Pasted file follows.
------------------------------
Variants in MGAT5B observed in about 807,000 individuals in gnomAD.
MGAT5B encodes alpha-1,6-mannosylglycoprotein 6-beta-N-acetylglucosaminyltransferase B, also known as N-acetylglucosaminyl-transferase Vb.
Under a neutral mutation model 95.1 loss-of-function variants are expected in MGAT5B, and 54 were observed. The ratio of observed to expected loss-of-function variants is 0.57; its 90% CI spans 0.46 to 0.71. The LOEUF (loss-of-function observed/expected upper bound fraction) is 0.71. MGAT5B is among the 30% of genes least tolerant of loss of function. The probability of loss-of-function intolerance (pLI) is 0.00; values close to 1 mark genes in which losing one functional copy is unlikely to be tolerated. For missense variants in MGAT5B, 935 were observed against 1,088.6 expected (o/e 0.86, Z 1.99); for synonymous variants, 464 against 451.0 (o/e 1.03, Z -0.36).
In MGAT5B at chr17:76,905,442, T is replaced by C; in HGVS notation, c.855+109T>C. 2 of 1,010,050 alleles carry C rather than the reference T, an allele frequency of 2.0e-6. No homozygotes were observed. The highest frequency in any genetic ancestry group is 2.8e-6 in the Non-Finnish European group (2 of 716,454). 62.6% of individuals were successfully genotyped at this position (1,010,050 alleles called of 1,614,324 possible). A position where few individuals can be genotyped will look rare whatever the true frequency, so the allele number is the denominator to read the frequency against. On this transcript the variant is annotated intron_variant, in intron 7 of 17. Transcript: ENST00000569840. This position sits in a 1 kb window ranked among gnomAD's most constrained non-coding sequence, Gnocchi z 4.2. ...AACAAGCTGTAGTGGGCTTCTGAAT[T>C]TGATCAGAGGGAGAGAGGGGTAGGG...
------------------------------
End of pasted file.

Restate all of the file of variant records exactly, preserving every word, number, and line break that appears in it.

Variants in MGAT5B observed in about 807,000 individuals in gnomAD.
MGAT5B encodes alpha-1,6-mannosylglycoprotein 6-beta-N-acetylglucosaminyltransferase B, also known as N-acetylglucosaminyl-transferase Vb.
Under a neutral mutation model 95.1 loss-of-function variants are expected in MGAT5B, and 54 were observed. The ratio of observed to expected loss-of-function variants is 0.57; its 90% CI spans 0.46 to 0.71. The LOEUF (loss-of-function observed/expected upper bound fraction) is 0.71. MGAT5B is among the 30% of genes least tolerant of loss of function. The probability of loss-of-function intolerance (pLI) is 0.00; values close to 1 mark genes in which losing one functional copy is unlikely to be tolerated. For missense variants in MGAT5B, 935 were observed against 1,088.6 expected (o/e 0.86, Z 1.99); for synonymous variants, 464 against 451.0 (o/e 1.03, Z -0.36).
In MGAT5B at chr17:76,905,442, T is replaced by C; in HGVS notation, c.855+109T>C. 2 of 1,010,050 alleles carry C rather than the reference T, an allele frequency of 2.0e-6. No homozygotes were observed. The highest frequency in any genetic ancestry group is 2.8e-6 in the Non-Finnish European group (2 of 716,454). 62.6% of individuals were successfully genotyped at this position (1,010,050 alleles called of 1,614,324 possible). A position where few individuals can be genotyped will look rare whatever the true frequency, so the allele number is the denominator to read the frequency against. On this transcript the variant is annotated intron_variant, in intron 7 of 17. Transcript: ENST00000569840. This position sits in a 1 kb window ranked among gnomAD's most constrained non-coding sequence, Gnocchi z 4.2. ...AACAAGCTGTAGTGGGCTTCTGAAT[T>C]TGATCAGAGGGAGAGAGGGGTAGGG...